HTS stimulates ex vivo ASL secretion via activation of sensory neurons and release of acetylcholine in wild-type and CF airways. (A) Treatment with lidocaine (Lido, 80 mg/ml aerosol) plus tetrodotoxin (TTX, 1 µM) (HTS, n = 45 beads from 15 tracheas; ITS, n = 49 beads from 14 tracheas; HTS + Lido + TTX, n = 18 beads from 4 tracheas; ITS + Lido + TTX, n = 9 beads from 4 tracheas). (B) Incubation with CFTRinh172 (172, 100 µM) (HTS, n = 45 beads from 15 tracheas; ITS, n = 49 beads from 14 tracheas; HTS + 172, n = 59 beads from 12 tracheas; ITS + 172, n = 29 beads from 8 tracheas). (C) Incubation with lidocaine plus TTX on CFTRinh172-treated airway (HTS + 172, n = 59 beads from 12 tracheas; HTS + 172 + Lido + TTX, n = 9 beads from 4 tracheas; ITS + 172, n = 29 beads from 8 tracheas; ITS + 172 + Lido + TTX, n = 21 beads from 6 tracheas). (D) Effect of L-703606 (NK-1 blocker, 1 µM) (HTS, n = 45 beads from 15 tracheas; ITS, n = 49 beads from 14 tracheas; HTS + NK-1 blocker, n = 36 beads from 12 tracheas; ITS + NK-1 blocker, n = 16 beads from 5 tracheas). (E) Effect of L-703606 on CFTRinh172-treated preparations (HTS + 172, n = 59 beads from 12 tracheas; HTS + 172 + NK-1 blocker, n = 10 beads from 4 tracheas; ITS + 172, n = 29 beads from 8 tracheas; ITS + 172 + NK-1 blocker, n = 17 beads from 6 tracheas). (F) Effect of atropine (1 µM) (HTS, n = 45 beads from 15 tracheas; ITS, n = 49 beads from 14 tracheas; HTS + Atropine, n = 22 beads from 5 tracheas; ITS + Atropine, n = 11 beads from 4 tracheas). (G) Effect of atropine (1 µM) on CFTRinh172-treated preparations (HTS + 172, n = 59 beads from 12 tracheas; HTS + 172 + Atropine, n = 18 beads from 5 tracheas; ITS + 172, n = 29 beads from 8 tracheas; ITS + 172 + Atropine, n = 19 beads from 5 tracheas). (H) Effect of lidocaine, TTX, and atropine on CFTR−/− swine trachea (HTS, n = 6 beads from 2 tracheas; HTS + Lido + TTX + Atro, n = 4 beads from 2 tracheas; ITS, n = 4 beads from 2 tracheas). Data are presented as mean ± SEM and values at 18 min were analyzed with ANOVA and Tukey’s multiple test. Data sets labeled with different letters differ significantly, p < 0.05.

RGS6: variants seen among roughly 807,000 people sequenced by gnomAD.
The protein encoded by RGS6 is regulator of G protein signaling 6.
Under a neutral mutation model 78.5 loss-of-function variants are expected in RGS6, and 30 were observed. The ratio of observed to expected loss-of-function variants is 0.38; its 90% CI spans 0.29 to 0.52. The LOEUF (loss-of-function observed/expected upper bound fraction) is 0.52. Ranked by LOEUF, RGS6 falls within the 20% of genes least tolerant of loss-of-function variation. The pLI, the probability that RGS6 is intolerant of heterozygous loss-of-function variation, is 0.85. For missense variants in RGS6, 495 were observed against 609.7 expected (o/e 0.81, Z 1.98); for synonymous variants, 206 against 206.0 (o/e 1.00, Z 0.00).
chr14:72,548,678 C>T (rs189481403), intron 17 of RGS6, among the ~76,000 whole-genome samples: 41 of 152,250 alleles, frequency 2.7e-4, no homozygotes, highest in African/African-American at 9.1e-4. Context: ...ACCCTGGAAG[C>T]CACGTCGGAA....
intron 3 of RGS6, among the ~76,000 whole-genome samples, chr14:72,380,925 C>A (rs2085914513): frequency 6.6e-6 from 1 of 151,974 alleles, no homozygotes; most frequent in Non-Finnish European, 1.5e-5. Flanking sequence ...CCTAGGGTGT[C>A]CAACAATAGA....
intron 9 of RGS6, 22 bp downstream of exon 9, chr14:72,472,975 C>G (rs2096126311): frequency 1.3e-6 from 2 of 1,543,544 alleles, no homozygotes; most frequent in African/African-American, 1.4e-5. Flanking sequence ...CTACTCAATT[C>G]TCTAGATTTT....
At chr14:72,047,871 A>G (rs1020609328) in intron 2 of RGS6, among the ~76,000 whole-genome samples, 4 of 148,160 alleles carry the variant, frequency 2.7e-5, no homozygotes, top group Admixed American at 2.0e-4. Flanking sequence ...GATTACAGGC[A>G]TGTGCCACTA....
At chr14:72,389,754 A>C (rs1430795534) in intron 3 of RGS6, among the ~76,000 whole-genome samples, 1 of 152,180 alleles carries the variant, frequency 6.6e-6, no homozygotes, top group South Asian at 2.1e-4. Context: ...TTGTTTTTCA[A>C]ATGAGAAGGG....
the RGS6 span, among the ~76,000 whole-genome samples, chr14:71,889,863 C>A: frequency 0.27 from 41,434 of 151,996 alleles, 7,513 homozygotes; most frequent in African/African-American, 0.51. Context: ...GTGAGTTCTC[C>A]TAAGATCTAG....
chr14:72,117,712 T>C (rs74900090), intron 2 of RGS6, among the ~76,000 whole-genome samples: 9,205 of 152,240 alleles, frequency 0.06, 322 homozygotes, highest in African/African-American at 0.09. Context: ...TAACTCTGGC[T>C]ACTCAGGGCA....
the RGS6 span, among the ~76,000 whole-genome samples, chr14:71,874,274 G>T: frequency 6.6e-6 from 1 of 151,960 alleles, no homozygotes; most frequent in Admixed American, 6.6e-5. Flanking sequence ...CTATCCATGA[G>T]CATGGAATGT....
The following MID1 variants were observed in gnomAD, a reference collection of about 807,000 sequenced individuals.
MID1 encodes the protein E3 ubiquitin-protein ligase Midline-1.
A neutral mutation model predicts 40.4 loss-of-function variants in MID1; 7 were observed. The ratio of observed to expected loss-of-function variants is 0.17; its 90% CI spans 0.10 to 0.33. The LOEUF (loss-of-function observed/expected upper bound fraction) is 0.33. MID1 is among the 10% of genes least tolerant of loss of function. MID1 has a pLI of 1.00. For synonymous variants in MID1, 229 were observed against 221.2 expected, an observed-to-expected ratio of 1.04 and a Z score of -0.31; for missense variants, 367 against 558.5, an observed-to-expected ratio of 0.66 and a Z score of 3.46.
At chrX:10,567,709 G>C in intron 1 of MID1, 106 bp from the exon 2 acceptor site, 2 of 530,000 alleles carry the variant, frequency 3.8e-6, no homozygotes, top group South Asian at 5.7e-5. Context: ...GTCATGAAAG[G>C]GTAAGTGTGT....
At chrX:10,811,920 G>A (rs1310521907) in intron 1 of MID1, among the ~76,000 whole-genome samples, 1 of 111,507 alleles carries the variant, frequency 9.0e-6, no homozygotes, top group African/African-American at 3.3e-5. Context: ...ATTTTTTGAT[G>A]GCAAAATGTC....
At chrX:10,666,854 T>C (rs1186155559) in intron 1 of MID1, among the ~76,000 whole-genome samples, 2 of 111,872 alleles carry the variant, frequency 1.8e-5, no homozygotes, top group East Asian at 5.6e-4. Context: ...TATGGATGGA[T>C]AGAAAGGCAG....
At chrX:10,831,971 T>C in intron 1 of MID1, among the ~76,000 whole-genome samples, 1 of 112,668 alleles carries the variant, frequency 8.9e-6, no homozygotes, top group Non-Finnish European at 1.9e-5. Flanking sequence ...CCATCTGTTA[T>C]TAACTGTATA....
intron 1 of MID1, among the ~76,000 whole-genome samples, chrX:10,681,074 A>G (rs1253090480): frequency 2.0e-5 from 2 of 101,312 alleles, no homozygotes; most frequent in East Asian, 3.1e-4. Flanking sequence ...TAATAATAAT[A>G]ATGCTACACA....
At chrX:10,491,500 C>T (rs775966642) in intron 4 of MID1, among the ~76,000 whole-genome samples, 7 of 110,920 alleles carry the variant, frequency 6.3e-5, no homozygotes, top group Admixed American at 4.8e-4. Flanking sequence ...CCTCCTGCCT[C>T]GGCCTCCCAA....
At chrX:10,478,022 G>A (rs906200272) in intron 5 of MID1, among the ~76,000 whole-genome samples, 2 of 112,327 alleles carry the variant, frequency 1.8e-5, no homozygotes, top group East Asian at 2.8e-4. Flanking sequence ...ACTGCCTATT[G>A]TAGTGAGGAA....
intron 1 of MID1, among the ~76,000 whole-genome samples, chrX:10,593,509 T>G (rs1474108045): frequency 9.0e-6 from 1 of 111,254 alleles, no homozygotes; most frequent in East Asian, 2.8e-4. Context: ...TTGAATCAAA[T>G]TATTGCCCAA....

To evaluate the effect of HTS treatment in CF airways, we used the CFTR blocker CFTRinh172 (100 µM) in isolated wild-type trachea preparations to model airways without CFTR function34. HTS treatment in preparations incubated with CFTRinh172 (HTS + 172) was less effective in stimulating ASL height increase than preparations not incubated in CFTR blocker (HTS). However, preparations incubated with CFTRinh172 still produced greater ASL height increase when treated with HTS than ITS (Fig. 4B). This finding is consistent with previous experiments showing that HTS treatment improves ASL hydration in CF patients35,36. Interestingly, CFTRinh172 treatment reduced ASL secretion in ITS-treated samples (ITS + 172) below that of ITS treatment in control preparations (ITS, Fig. 4B), which may be explained by the blockage of CFTR-dependent basal ASL secretion in swine trachea as described in another study24.

Preparations incubated with CFTRinh172 suffered a reduction in the response to HTS treatment when neuronal function was blocked with lidocaine + TTX (Fig. 4C). In contrast, ITS-treated preparations were not affected by lidocaine + TTX (Fig. 4C). These results suggest that HTS treatment, but not ITS, increases ASL height through stimulation of sensory and/or airway intrinsic neurons in CF airways.

Since there is evidence that HTS treatment triggers substance P (SP) release20 and that SP can stimulate ASL secretion by airway epithelia in the trachea of several species19,37,38, we tested the effect of a SP receptor (neurokinin 1 receptor, NK-1) blocker, L-703606 (1 µM) on HTS-stimulated ASL height increase. Treatment with L-703606 (HTS + NK-1 Blocker) significantly reduced HTS-triggered ASL height increase, but had no effect on the ITS treatment group (ITS + NK-1 Blocker, Fig. 4D). However, HTS treatment of preparations incubated with CFTRinh172 was unaffected by the NK-1 blocker (Fig. 4E), indicating that the substance P-mediated HTS-triggered effect is CFTR-dependent and may be absent in CF airways.